Look: “Now while he was in Jerusalem at the Passover Festival, many people saw the signs he was performing and believed in his name. But Jesus would not entrust himself to them, for he knew all people. He did not need any testimony about mankind, for he knew what was in each person.” (John 2:23-25)[Blogger Mark Daniels is pastor of Living Water Lutheran Church in Centerville, Ohio.]
This takes place early in Jesus’ earthly ministry, according to John. At the start of chapter 2, Jesus turns water into wine at the wedding in Cana. Then, He cleanses the temple of moneychangers. After that comes these verses.
In verse 23, where we’re told that after Jesus performed signs, people believed in Him, just as earlier, the disciples believed in Him in light of the miracle at Cana.
“But Jesus would not entrust himself to them, for he knew all people,” verse 24 says.
The verb is a form of pisteuo, the same term routinely used in John’s gospel for believing faith. It’s the verb used by Jesus in John 3:16.
The message is clear: Jesus doesn’t put His faith in human beings, because He knows all about we human beings. He knows that we’re fickle, unreliable, unworthy of trust. And even when human beings claim to trust in someone, that belief is subject to change, even when the One trusted is the foundational truth of the universe, Jesus (John 14:6).
The human condition is such that we tend to break trusts, turn on others, change our minds. We’re not reliable in any ultimate sense. I know that I'm not. No human being, no thing, no idea, can be believed in to make us whole, happy, sane, forgiven, purposeful. At least not over the long haul. Certainly not for eternity.
Only God can be trusted. This is what I think Paul is saying in Romans 3:14: “Let God be true, and every human being a liar.”
Listen: If I believe in anyone but the God revealed in Jesus, my belief--my faith--will be disappointed.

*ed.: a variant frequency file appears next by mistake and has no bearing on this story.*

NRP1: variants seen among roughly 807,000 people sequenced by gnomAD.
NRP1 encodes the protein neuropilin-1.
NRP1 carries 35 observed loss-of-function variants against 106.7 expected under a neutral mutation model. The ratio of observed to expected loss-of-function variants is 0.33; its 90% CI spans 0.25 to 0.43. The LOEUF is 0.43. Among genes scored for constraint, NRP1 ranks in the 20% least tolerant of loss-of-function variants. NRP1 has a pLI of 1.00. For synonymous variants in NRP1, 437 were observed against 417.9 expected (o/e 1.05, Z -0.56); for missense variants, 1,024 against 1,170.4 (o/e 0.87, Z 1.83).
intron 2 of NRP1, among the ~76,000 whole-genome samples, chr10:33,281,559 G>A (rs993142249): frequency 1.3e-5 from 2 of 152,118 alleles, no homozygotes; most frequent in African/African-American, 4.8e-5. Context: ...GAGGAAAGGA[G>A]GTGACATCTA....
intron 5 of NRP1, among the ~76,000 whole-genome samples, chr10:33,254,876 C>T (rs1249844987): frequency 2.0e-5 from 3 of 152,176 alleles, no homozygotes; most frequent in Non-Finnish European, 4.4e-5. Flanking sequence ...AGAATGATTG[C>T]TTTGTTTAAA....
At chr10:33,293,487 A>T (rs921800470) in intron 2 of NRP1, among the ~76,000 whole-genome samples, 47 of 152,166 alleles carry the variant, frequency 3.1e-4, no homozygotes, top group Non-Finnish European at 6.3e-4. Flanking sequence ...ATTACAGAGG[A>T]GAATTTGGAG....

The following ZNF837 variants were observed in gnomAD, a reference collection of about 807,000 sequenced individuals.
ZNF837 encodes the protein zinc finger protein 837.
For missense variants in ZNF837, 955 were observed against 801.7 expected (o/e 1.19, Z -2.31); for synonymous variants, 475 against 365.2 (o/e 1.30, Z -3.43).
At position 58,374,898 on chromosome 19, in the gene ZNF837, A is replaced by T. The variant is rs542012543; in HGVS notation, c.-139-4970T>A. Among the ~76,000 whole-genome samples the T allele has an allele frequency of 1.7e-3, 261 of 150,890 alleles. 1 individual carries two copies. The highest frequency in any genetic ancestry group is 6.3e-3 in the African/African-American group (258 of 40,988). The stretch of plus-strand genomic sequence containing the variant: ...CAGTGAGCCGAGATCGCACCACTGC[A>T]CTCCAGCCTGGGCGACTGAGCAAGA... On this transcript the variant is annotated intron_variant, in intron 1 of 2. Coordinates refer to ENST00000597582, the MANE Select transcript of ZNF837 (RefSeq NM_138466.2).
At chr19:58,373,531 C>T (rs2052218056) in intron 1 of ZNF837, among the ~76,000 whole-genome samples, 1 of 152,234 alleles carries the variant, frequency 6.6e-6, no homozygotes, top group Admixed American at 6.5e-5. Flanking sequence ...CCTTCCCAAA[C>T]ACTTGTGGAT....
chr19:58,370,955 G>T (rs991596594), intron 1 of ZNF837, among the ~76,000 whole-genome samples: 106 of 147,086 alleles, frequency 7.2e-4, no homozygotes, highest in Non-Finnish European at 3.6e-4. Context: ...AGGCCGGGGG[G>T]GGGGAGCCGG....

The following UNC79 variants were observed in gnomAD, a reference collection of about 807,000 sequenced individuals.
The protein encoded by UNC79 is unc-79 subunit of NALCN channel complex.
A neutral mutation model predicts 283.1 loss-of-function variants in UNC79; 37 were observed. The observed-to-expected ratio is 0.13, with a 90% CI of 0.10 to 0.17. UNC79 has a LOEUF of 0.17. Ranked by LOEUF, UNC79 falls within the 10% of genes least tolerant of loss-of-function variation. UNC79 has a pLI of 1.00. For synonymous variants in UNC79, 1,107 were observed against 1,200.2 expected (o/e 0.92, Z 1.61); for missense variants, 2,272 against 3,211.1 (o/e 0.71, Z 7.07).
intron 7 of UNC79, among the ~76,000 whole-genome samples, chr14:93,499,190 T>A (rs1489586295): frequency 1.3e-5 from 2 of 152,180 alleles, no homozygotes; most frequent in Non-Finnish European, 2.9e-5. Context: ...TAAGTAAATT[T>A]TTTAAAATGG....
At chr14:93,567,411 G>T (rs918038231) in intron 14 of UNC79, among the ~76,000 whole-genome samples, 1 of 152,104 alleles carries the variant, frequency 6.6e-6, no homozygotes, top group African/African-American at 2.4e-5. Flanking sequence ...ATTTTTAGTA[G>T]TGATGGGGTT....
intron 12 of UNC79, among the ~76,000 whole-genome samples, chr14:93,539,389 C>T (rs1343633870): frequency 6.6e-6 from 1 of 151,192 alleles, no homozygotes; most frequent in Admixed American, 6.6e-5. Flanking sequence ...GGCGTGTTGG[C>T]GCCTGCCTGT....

I have put too much pressure on trembling human shoulders when I’ve placed my faith in them. And people have made the same mistake when reposing similar faith in me. We just can’t bear the weight of the need of every human being has for the one true God. Imperfect, sinful human beings can’t be God. As Paul also writes: “all have sinned and fall short of the glory of God” (Romans 3:23).
This doesn’t mean that we should have nothing to do with others, I don’t believe. Quite the opposite.
What it does mean is that we need to enlist the help of God in all of our relationships: marriages, friendships, churches, small groups so that, by the power of the Holy Spirit, we can become more trustworthy. We believe in God to help us be trustworthy.
When we fail to be trustworthy, we must repent, seeking God’s forgiveness and the forgiveness of those we let down.
When others fail to be trustworthy with us, we must forgive as we’ve been forgiven (Ephesians 4:32).
This doesn’t mean that we should continue regular relationships with those who continually betray us. We can forgive others even when we realize that they’re chronically and unrepentantly--with repentance affirmed by a real life commitment to living differently--untrustworthy.
To understand that no one is ultimately trustworthy isn’t to be cynical or resigned to a life of loneliness.
It means that we love and accept others just as Christ loves and accepts us.
We confront. We talk things through. We pray. But we place our ultimate trust in Jesus Christ alone.
Respond: God, forgive me for so often believing in people, human leaders, or human ideas more than I believe in You. You alone can make me whole, purposeful, joyful, alive. Help me today to trust You more so that I can love both You and others better. In Jesus’ name. Amen
Monday, October 16, 2017
[These are reflections from my morning quiet time. To see how I approach quiet time, read here.]